Oct 01 -
-- We expect Vedanta's oil subsidiary, Cairn, to generate strong cash
flow, offsetting to an extent a subdued performance in its metals and mining
business and operating risks for its iron ore business.
-- We're uncertain whether the Indian oil and metal mining company will
receive sufficient dividends from its subsidiaries to partially repay its
large debt maturities over the next 12 months.
-- We are affirming the 'BB' long-term foreign currency corporate credit
rating on Vedanta and the 'BB' issue rating on the company's outstanding
senior unsecured notes.
-- The negative outlook reflects the sizable refinancing needs at Vedanta
and the vulnerability of the company's cash flows to operating risks,
primarily in the iron ore segment.
On Oct. 1, 2012, Standard & Poor's Ratings Services affirmed its 'BB'
long-term foreign currency corporate credit rating on oil and metals mining
company Vedanta Resources PLC. The outlook is negative. At the same time, we
affirmed the 'BB' issue rating on the company's senior unsecured notes. We
also affirmed the 'BB' ratings on the senior unsecured notes issued by
Vedanta's wholly owned subsidiaries and guaranteed by the company. Vedanta is
listed in London, but most of its assets are in India.
We affirmed the rating on Vedanta to reflect our expectation that the
company's India-based oil subsidiary, Cairn India Ltd. (unrated), will
continue to perform strongly over the next 12 months because of favorable oil
prices. Cairn's contribution should offset the likely subdued cash flow
generation at Vedanta's other entities due to weak metal prices and operating
The rating on Vedanta reflects the company's exposure to commodity prices, and
country and operating risks in India. Constraints include iron ore mining
restrictions, time-consuming approval processes, and changes in taxes and
royalties. These weaknesses are tempered by Vedanta's good business diversity
following the acquisition of Cairn in 2011, the company's favorable market
position in India, and its advantageous cost position, particularly in zinc
We view Vedanta's financial risk profile as "aggressive" and its business risk
profile as "fair," as defined in our criteria. Cairn generates strong cash
flow for Vedanta and increases its diversity; metal and mining previously
dominated business lines. Nevertheless, Cairn has asset-concentration risk and
its key oil block in Rajasthan has a short operating record.
Production at Cairn is in line with our expectations; but the company's
increasing tax burden has reduced our expectation of its EBITDA for fiscal
2013 (ending March 2013) to US$2.1 billion from US$2.5 billion. Still, we
believe Cairn will continue to provide about a third of Vedanta's consolidated
EBITDA in fiscals 2013 and 2014. Including Cairn, Vedanta's EBITDA in the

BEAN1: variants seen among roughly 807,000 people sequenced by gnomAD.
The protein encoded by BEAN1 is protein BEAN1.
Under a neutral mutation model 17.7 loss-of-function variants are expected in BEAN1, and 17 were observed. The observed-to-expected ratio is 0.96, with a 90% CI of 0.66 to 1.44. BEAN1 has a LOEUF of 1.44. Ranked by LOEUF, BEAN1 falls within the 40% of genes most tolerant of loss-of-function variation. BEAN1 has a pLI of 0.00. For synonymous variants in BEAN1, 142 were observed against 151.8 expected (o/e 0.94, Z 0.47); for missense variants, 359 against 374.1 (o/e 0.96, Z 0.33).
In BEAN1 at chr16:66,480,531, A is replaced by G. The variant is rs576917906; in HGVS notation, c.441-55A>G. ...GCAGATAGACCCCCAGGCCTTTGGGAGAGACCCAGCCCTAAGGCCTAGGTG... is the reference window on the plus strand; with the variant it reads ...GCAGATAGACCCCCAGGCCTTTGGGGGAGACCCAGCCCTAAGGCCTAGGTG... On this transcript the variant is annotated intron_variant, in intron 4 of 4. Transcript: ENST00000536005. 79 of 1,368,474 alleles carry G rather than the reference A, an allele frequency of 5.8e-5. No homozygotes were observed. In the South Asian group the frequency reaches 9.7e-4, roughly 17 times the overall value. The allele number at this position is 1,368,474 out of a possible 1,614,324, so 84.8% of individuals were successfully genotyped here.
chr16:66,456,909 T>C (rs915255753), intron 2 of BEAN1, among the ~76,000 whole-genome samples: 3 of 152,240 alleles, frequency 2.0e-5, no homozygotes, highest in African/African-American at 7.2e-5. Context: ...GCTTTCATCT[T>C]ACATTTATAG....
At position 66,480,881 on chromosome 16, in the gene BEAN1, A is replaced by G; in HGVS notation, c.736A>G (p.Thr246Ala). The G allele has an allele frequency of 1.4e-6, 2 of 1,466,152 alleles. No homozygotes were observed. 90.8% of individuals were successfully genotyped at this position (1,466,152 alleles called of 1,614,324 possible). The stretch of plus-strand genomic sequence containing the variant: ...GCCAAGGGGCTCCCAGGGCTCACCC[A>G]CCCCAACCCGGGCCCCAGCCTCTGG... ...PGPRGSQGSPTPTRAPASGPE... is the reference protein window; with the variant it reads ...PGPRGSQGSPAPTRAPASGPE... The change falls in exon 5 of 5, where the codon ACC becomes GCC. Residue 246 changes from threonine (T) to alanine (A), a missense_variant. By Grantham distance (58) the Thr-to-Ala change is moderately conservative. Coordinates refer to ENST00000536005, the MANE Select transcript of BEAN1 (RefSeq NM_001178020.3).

first quarter of fiscal 2013 increased by about 27% from a year earlier.
Vedanta's exposure to metal prices was shown in the first quarter of fiscal
2013, when non-oil EBITDA dropped 35%, primarily due to weaker metal prices.
Country and operational risks in Vedanta's metals and mining businesses in
India have yet to subside. In particular, recent restrictions on iron ore
mining in the state of Goa could have a material impact on Vedanta's EBITDA
unless they are removed and production resumes to their earlier levels over
the next three months. The lack of cash flow from iron ore production may
become more acute at a time when Vedanta and its subsidiaries face sizable
refinancing requirements. This is because iron ore is a key contributor to the
cash flows of Sesa Sterlite, a subsidiary that will be formed after a
corporate reorganization at Vedanta. The segment is also key to Sesa
Sterlite's capacity to service its debt and intercompany loans following the
completion of the restructuring this year.
Vedanta benefits from strong cash flow from its oil and zinc businesses. The
diversity of its businesses--which include oil, base metals, iron ore and
power--provides cash flow stability. The company's oil and zinc businesses are
currently in the lowest cost quartile. The aluminum business can attain that
once Vedanta secures its own bauxite sources; the business is currently in the
second cost quartile.
Vedanta's financial strategy, which we view as aggressive, places much of its
debt, but very limited cash, at the holding company. Vedanta's cash flow
coverage would be supportive of a stronger financial risk profile when viewed
on a consolidated basis. We expect the company's ratio of consolidated funds
from operations (FFO) to gross debt to be about 25% over the next two years.
The debt maturity at Vedanta and its subsidiaries is sizable, at about US$3
billion over the next two years. While analyzing the company's debt maturity
profile, we assume that bondholders of Vedanta's US$2.1 billion convertible
bonds will exercise their put option. The large size of the company's
maturities and the recurrent and time-bound nature of raising funds will test
Vedanta's current ability to access the capital markets. The company's
refinancing plans include using meaningful cash from its subsidiaries to
partially repay debt. The effectiveness of this strategy remains to be seen,
given the large size of maturing debt. Nonetheless, we believe Vedanta will
continue to have access to multiple sources of funding from the capital
Vedanta's reorganization of its Indian subsidiaries should help to reduce and
service debt at the holding company. The restructuring is on track for
completion in 2012, pending judicial approvals. Post-restructuring, interest
payments for the holding company will drop to less than US$200 million a year
from more than US$500 million at present. The reorganization, however, will
keep the consolidated debt unchanged.